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MPG or AVI?

Discussion in 'Digital camcorders' started by newdvuser, Apr 1, 2003.

  1. newdvuser

    newdvuser Member

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    hi,

    im pretty new to this DV thing but i have a few questions. i am wanting to make my DV footage into a VCD but i've noticed that the ones that i've made so far dont look as good as they do when i play them on TV as they do directly from the camera. am i ripping the footage wrong? i use ulead video studio and then make a mpg file, then use nero to make the VCD.

    is it better to make an AVI or an MPG?
    any help would be great! thanks in advance
     
  2. malum

    malum Regular member

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    This may be a case of the blind leading the blind as I am also new at this.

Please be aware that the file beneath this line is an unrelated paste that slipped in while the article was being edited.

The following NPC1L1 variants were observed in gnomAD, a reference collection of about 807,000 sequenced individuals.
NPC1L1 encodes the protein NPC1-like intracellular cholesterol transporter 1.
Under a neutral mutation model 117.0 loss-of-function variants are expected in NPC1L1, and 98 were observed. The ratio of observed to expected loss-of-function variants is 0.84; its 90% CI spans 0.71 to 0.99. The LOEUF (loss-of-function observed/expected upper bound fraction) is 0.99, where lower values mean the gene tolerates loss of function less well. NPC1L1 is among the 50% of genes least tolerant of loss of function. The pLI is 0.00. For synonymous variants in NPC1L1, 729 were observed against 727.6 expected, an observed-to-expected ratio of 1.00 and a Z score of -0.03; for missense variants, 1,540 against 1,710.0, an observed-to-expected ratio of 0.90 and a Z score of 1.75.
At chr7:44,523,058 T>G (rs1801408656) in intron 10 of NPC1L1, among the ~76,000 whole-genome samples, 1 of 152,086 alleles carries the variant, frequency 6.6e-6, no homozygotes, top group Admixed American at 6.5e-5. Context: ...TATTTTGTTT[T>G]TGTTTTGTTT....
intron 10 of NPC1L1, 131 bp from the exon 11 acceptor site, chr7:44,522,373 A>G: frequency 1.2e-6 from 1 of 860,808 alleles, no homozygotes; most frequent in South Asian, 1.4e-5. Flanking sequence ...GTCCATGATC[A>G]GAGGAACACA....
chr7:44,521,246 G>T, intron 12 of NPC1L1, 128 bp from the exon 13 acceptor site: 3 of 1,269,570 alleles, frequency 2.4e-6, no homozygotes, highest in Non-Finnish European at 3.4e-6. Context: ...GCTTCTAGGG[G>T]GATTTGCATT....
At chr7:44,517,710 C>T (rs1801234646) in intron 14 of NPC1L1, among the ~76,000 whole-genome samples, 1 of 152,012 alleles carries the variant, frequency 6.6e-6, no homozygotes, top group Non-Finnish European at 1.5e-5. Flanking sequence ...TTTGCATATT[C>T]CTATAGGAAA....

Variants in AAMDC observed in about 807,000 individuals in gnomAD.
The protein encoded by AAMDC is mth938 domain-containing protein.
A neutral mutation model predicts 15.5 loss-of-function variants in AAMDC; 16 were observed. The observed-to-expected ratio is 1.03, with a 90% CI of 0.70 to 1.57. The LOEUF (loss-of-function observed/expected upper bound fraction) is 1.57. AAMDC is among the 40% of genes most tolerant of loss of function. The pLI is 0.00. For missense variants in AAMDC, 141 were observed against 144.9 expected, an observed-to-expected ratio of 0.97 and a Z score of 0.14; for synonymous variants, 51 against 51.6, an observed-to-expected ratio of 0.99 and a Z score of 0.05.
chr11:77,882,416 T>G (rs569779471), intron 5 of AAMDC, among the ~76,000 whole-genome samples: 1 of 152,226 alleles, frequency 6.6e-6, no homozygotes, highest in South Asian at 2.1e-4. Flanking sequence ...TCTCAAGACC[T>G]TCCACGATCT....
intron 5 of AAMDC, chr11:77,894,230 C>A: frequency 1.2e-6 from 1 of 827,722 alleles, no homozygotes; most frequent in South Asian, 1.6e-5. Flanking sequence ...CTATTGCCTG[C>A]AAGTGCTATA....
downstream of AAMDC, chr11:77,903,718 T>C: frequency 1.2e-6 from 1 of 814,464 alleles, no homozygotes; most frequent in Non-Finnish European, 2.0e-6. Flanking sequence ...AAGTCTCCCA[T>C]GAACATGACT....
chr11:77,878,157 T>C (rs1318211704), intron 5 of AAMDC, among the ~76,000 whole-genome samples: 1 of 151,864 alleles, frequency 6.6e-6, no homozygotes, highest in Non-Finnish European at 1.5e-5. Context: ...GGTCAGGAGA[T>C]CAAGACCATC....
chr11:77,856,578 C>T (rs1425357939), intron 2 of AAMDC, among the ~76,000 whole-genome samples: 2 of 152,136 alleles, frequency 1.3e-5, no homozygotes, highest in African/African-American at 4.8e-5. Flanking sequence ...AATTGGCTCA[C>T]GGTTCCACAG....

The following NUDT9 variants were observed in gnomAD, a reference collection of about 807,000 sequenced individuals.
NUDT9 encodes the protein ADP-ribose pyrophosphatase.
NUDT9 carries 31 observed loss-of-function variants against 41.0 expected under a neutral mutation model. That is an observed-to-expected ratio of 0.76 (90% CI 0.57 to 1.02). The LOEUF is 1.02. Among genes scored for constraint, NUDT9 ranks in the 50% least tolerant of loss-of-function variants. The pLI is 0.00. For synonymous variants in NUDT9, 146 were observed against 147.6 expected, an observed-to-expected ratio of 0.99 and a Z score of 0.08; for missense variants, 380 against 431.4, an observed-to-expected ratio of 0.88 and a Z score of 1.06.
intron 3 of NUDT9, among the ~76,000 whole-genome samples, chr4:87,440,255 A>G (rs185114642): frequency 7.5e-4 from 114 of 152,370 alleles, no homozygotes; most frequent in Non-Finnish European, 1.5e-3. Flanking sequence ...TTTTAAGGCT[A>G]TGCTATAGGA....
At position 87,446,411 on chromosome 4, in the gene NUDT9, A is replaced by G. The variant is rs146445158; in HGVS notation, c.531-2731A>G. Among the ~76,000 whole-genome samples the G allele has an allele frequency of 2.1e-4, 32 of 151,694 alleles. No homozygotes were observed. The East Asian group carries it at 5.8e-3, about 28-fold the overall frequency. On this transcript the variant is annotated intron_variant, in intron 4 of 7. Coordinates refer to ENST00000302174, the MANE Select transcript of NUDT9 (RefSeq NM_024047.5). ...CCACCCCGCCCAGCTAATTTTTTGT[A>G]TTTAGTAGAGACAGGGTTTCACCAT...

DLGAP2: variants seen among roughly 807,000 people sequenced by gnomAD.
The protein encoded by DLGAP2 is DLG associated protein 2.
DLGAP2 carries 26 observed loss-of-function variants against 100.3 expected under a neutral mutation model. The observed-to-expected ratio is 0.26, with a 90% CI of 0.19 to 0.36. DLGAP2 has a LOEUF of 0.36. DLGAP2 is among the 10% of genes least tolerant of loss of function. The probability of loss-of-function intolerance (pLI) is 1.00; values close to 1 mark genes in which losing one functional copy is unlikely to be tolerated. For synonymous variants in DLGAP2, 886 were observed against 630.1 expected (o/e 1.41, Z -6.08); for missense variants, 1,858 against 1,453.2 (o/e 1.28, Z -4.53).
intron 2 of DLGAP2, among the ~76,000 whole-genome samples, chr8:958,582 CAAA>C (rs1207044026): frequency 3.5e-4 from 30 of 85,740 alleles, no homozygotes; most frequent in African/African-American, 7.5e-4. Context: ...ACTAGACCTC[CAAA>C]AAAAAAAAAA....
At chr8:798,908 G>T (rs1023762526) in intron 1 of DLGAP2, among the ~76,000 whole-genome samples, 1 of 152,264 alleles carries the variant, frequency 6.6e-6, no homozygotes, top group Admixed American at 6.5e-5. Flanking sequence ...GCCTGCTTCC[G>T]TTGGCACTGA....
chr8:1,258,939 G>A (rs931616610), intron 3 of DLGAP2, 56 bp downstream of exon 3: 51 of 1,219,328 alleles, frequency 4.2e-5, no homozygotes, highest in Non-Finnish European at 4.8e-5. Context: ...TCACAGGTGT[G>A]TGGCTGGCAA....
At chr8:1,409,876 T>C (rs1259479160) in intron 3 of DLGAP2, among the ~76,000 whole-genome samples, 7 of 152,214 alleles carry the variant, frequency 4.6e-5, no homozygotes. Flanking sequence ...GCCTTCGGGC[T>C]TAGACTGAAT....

I capture in AVI as mpeg capture means that it keeps having to stop and reencode which results in lost frames.

    I then edit and mess around in Ulead Video Studio followed by creating an SVCD in same.
    This looks great on TV so maybe VCD isn't high enough quality?
     
  3. obieobied

    obieobied Member

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    when you capture from DV it is captured as AVI.
    But if you want to burn it to CD to make it playable in a DVD Player, you HAVE to make it MPEG.
    Also, you are burning to VCD.
    VCD is not very good quality, so you're not encoding wrong. Though if you encode to SVCD you can get VERY good quality, at least in my experience.
    What you also gotta try it to use something different than Ulead Videostudio. I use Videostudio 6 to edit, then I render it in AVI.
    After i have my final file, i pop it in either TMPGenc or CinemaCraft Encoder (MPEG Encoders that produce MUCH better quality than videostudio)
    I choose for it to encode at 2x VBR mode, which will make the video better quality. Pop everything to high quality.
    And what a LOT of people forget, is to choose [bold]de-interlacing[/bold] Thats is very improtant, because you dont wanna spend hours encoding and then have to drop it into the recycle bin.
    When finished encoding to MPEG you will have a flawless (at least for me) looking SVCD.
    Though you must check first if your DVD Player supports SVCDs...
     

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